Learning doesn’t stop once you graduate college. There might not be as many textbooks or lectures involved, but what you learn in your 20s will stick with you for life.
Think of your 20s as Life 2.0. There are certain improvements to the operating system, such as the legal age of drinking, a diploma, your own income and the ability to finally say to your parents, “I’m an adult. Stop treating me like a child.” (BTW, if you’re acting like a child, it doesn’t matter what age you are.)
But as with all system upgrades, there are still bugs that need to be worked out. By the time you arrive at Life 3.0, you’ll realize even more updates have occurred.
Prep for the 2.0 updates with this handy list of truths and realities about life in your 20s— and beyond.
1. Being selfish isn’t selfish
Many of us are taught to put our family and friends first. That lesson needs to be rewritten. Your friends and family are important. But you are just as important.
Putting yourself first isn’t selfish (assuming you don’t walk all over other people to do it.) To advance your career, you need to be a little bit — or a lot bit — selfish.
If not you, who else will take control of your life? You deserve to be happy in your career. Your needs are as important as anyone else’s.
2. Your career is just as important as your girlfriend’s or boyfriend’s
If they imply otherwise, it’s time to find a new partner. A real companion is proud of — not intimidated by — their partner’s success.
Seek a romantic interest who has enough sense of self to say, “I deserve this amazing, ambitious person. Together we’re a great team.”
3. The only thing that’s constant is change
Learn to go with the flow and you’ll be happier in the long run. When something happens you don’t like or didn’t expect, ask yourself what you can learn from the experience.
I have a friend who was on her way to speak at a conference when she found out she’d lost everything, including her home and life savings (long story, so I’ll spare you). She walked to her place on the stage in shock. She found herself seated next to the Dalai Lama, who asked her what was wrong, and she unloaded on him. He listened kindly, and when she was finished, he simply asked, “What can you find to be grateful for in this situation?”
Now, even she admits she couldn’t find something to be grateful for at that very moment. But the very concept struck her as a wonderful way to go through life. There’s always something to be grateful for.
4. There is no set timetable for success
Everyone hits different markers in their life at different times. Just because you’re not yet working your dream job doesn’t mean you’re running behind the pack.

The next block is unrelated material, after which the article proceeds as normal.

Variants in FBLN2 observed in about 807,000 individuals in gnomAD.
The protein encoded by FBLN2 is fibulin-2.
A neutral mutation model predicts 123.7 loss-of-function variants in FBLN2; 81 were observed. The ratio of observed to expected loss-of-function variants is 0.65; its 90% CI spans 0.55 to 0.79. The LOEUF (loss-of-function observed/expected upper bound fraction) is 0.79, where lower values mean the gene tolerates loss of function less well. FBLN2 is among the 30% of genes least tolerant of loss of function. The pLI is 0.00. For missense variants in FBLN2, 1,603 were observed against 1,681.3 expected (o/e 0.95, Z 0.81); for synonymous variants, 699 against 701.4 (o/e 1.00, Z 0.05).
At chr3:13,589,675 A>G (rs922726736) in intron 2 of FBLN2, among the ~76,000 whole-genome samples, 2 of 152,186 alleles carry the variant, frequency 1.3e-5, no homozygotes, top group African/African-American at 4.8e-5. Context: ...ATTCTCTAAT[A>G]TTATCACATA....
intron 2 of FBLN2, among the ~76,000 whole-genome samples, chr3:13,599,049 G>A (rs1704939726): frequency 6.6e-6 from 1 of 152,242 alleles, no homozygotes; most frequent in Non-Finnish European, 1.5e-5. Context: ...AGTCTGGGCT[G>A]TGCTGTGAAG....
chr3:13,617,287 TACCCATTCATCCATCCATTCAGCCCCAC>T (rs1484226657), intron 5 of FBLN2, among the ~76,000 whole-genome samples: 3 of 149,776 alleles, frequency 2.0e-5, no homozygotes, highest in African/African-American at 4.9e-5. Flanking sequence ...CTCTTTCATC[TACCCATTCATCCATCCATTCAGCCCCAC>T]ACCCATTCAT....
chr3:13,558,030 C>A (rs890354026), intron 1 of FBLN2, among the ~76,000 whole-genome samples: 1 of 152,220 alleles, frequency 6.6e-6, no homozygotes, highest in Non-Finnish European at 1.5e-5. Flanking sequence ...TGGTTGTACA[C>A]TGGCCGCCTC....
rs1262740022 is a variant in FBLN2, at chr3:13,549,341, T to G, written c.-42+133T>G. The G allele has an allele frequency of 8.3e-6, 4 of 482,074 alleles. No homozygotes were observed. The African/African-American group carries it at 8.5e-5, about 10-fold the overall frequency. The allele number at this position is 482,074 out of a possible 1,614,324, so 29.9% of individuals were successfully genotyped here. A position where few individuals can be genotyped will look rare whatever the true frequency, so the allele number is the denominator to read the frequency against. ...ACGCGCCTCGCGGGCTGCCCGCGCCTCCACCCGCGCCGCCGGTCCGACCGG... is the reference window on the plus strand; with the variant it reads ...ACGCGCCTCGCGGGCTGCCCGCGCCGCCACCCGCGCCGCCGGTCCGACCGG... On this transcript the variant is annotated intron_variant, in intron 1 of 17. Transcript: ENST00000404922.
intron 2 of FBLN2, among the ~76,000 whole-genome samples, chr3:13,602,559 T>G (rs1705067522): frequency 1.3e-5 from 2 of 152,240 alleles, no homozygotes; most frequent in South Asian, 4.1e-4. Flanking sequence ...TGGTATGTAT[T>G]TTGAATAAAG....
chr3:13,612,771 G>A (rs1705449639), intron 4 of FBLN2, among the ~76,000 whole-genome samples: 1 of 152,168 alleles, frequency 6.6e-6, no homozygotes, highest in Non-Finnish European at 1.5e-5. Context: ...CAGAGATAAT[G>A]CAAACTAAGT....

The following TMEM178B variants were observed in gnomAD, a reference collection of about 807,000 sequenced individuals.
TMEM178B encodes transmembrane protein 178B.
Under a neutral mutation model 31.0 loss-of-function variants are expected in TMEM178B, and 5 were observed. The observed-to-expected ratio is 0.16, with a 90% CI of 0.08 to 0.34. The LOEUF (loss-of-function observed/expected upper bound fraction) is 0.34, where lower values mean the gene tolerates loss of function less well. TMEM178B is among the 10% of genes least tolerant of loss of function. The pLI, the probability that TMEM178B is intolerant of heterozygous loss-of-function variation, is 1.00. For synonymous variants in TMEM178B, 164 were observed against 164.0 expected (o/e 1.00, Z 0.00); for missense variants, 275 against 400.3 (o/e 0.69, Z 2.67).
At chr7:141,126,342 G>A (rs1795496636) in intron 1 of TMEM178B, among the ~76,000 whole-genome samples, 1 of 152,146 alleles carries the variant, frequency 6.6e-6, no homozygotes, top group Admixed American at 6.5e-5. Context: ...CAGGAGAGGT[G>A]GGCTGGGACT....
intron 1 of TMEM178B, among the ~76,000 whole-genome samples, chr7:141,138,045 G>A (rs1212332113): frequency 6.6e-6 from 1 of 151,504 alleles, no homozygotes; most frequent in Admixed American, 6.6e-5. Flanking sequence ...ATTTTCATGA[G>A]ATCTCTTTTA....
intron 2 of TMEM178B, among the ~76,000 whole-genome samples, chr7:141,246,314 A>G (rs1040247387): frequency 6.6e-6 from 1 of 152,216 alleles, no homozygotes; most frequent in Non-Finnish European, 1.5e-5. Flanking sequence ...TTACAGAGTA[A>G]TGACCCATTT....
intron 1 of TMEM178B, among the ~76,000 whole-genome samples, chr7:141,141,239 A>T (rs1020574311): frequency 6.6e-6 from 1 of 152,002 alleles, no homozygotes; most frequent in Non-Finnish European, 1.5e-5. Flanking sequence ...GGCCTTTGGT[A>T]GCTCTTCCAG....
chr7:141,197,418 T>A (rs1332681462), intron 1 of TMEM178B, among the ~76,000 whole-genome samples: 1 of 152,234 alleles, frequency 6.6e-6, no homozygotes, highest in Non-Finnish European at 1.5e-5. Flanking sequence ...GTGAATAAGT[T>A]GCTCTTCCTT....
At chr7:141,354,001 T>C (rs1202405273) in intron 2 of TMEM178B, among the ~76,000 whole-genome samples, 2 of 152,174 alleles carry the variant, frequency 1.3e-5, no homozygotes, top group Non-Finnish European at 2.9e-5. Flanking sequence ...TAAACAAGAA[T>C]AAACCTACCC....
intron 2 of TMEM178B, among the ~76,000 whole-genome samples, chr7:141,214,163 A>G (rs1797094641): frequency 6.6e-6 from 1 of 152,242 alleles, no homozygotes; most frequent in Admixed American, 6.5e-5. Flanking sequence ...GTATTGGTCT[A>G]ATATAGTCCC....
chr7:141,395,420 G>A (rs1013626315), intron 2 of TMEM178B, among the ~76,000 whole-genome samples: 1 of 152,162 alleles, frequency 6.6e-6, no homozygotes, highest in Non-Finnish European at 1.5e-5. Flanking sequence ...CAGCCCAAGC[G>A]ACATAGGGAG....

Your journey is your own. You don’t have to follow anyone else’s standards or timeline to achieve success. If your way is a bit more scenic and less straightforward, and even if you get lost on occasion, celebrate the beauty of your path.
5. Find your bliss
Stay close to anything that makes you glad you woke up each morning. (Click here to tweet this thought.)
Whether it’s doing yoga, taking foreign language classes or volunteering at the local animal shelter, try to make room in your life for activities that energize you.
6. Accept that life isn’t fair
Bad things happen to good people, and vice versa. Sometimes what you perceive to be a bad event that happened for no reason will transform into one of the best things that’s ever happened to you.
7. Walk through life with a sense of interest and awe
I have a friend whose daughter taught me a valuable lesson when she was only two years old. She would walk (or toddle, I suppose) into every room with an expression of awe on her face. It was if she was thinking, “What fabulous thing could be happening in this room?”
It was such a lovely education in choosing an attitude of being ready to embrace every little thing in life, at all times.
8. Save — even if it’s only $20 a week
Your 20s are the perfect time to hone your personal finance skills. Each paycheck, put aside a little bit into your savings account. If you have it automatically direct-deposited, you won’t even have to think about it. Put that money in an interest-bearing savings account or other earning-potential cache.
If you’re able to average a 10 percent return on your savings every year, you’ll have saved over half a million dollars by the time you’re in your 60s. All for the price of about three lattes you didn’t buy every week.
9. Go easy on your parents
Your parents did the best they could with the skills (or lack thereof) and parenting examples they had. You may think it’s hard to be a kid, but soon enough you’ll realize it’s far more difficult to be a parent.
Don’t blame them for the choices you make. Remember, you’re an adult now. Take responsibility for own actions.
10. Go easy on yourself
You’re a unique and wonderful individual who deserves to be treated with respect and kindness. But to earn that respect from others, you must start by treating yourself with respect and kindness.
There will be times in your 20s when you feel as though your software has crashed and you’d simply like to hit the reboot button. But keep in mind you’re not a machine; you’re human and have complicated feelings. So hang in there, and look for life’s equivalent of the computer’s Easter Eggs.